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[stey-shuh-ner-ee] /ˈsteɪ ʃəˌnɛr i/
writing paper.
writing materials, as pens, pencils, paper, and envelopes.
Origin of stationery
First recorded in 1670-80; stationer + -y3
Can be confused
stationary, stationery. Unabridged
Based on the Random House Dictionary, © Random House, Inc. 2018.
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Examples from the Web for stationery
Contemporary Examples
Historical Examples
  • It was a stationery and tobacco store, and I was right at his heels when he entered.

    The Crevice

    William John Burns and Isabel Ostrander
  • A square envelope, belonging, in fact, to the ship's stationery.

    The Shadow-Line Joseph Conrad
  • There was no stationery in the desk, but Mary had a pocket diary in her chatelaine bag.

    A Woman for Mayor Helen M. Winslow
  • And he did it in three weeks, after beginning as a clerk in the stationery.

    Brother Copas

    Sir Arthur Thomas Quiller-Couch
  • He saw that the stationery cabinet had been disturbed and laughed.

    The Daffodil Mystery

    Edgar Wallace
British Dictionary definitions for stationery


any writing materials, such as paper, envelopes, pens, ink, rulers, etc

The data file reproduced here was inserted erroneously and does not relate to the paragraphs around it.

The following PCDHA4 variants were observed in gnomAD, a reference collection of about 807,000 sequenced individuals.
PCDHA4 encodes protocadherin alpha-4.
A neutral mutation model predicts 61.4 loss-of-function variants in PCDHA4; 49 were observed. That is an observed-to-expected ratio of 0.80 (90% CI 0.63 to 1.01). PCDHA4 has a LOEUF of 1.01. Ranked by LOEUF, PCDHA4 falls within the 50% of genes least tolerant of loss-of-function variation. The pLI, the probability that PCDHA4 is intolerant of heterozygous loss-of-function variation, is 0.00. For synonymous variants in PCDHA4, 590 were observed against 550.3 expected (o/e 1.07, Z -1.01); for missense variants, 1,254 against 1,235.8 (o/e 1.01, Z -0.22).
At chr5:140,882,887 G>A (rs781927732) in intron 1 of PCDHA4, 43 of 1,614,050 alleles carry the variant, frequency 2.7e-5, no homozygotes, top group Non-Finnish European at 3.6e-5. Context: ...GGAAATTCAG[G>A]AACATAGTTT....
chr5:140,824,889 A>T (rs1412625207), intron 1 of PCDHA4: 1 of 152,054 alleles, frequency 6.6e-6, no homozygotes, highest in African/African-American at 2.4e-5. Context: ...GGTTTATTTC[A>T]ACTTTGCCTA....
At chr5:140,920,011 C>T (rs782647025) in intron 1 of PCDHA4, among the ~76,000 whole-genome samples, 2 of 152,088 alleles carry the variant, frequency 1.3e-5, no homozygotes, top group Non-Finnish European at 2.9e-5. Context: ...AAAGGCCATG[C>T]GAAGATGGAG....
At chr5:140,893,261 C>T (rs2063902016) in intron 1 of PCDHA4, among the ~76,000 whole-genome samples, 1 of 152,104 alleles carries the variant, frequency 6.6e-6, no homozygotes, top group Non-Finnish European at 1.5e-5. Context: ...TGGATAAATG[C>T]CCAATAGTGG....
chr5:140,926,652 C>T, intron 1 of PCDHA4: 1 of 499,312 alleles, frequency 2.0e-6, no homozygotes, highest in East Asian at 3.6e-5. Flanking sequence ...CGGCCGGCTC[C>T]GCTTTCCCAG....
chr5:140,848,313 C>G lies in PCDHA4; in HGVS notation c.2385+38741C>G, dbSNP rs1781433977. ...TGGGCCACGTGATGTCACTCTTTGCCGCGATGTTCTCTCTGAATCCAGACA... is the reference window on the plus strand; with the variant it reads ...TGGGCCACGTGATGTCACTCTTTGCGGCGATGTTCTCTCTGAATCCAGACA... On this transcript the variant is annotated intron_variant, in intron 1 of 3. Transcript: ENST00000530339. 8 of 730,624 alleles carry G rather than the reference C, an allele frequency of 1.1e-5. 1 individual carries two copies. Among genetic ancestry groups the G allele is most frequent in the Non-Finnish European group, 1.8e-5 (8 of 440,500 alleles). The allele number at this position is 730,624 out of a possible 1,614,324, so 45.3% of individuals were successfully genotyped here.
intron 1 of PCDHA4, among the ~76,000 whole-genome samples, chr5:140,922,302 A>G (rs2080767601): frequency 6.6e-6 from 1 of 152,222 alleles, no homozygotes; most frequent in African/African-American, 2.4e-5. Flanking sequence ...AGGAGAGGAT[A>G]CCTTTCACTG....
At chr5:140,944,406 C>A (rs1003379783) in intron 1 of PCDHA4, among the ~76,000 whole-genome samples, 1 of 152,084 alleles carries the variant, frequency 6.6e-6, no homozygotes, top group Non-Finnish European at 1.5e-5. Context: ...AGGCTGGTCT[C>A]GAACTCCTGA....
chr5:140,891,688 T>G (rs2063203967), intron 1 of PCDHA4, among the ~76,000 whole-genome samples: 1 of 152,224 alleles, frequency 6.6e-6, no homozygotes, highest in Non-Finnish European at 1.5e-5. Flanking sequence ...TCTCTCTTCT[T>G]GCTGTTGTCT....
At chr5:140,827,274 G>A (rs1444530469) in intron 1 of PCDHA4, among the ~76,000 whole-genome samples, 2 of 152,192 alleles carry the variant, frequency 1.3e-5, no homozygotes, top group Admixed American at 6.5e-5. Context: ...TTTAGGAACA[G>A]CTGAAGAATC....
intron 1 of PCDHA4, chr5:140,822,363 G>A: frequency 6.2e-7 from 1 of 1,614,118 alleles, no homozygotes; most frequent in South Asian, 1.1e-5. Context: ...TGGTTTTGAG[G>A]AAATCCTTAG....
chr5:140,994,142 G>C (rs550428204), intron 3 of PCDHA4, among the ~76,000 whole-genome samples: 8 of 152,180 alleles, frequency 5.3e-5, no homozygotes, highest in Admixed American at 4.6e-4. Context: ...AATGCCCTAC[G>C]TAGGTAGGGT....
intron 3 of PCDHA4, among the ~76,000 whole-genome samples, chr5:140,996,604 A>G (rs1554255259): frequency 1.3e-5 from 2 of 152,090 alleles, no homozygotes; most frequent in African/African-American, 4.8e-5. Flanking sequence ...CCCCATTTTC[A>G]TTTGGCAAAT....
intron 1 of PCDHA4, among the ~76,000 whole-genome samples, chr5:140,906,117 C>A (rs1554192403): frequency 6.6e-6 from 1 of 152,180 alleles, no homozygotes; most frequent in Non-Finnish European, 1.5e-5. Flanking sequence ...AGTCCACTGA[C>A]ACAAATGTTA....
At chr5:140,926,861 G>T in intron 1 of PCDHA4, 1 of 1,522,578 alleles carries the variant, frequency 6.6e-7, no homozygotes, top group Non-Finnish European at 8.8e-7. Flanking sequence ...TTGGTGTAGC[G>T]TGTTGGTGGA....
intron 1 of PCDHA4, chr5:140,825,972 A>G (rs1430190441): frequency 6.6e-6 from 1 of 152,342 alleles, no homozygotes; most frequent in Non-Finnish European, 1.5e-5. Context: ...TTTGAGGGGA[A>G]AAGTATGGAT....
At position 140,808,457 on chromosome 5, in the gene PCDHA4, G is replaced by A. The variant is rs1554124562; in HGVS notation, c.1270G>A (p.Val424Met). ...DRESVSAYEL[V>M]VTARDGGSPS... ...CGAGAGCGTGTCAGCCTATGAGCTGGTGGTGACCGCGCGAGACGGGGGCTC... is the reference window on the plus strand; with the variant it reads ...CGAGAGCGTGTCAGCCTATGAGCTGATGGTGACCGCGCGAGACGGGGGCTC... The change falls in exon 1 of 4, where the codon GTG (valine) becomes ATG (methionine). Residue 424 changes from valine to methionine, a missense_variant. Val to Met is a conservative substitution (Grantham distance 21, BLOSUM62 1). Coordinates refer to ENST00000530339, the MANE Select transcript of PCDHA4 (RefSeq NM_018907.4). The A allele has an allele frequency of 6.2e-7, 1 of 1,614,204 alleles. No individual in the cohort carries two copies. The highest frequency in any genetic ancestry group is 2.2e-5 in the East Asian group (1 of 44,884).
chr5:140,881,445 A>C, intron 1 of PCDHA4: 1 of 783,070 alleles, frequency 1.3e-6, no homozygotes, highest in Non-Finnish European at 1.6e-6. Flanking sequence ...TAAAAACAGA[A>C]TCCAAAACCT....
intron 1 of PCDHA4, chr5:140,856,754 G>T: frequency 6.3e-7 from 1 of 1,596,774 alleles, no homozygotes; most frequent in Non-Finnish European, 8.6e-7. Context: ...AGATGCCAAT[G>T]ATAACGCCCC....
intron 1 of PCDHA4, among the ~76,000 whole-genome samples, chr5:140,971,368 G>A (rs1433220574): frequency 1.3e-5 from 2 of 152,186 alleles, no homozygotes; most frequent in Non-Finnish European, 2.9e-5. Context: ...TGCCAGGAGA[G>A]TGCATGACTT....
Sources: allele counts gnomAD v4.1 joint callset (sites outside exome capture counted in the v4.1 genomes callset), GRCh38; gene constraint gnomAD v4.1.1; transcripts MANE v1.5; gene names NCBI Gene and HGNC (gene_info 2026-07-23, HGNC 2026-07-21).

Collins English Dictionary - Complete & Unabridged 2012 Digital Edition
© William Collins Sons & Co. Ltd. 1979, 1986 © HarperCollins
Publishers 1998, 2000, 2003, 2005, 2006, 2007, 2009, 2012
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Word Origin and History for stationery

1727, from stationery wares (c.1680) "articles sold by a stationer," from stationer "seller of books and paper" (q.v.). Roving peddlers were more common in the Middle Ages; sellers with a fixed location were often bookshops licensed by universities. The Company of Stationers, one of the Livery Companies of the City of London, was founded 1556.

Online Etymology Dictionary, © 2010 Douglas Harper
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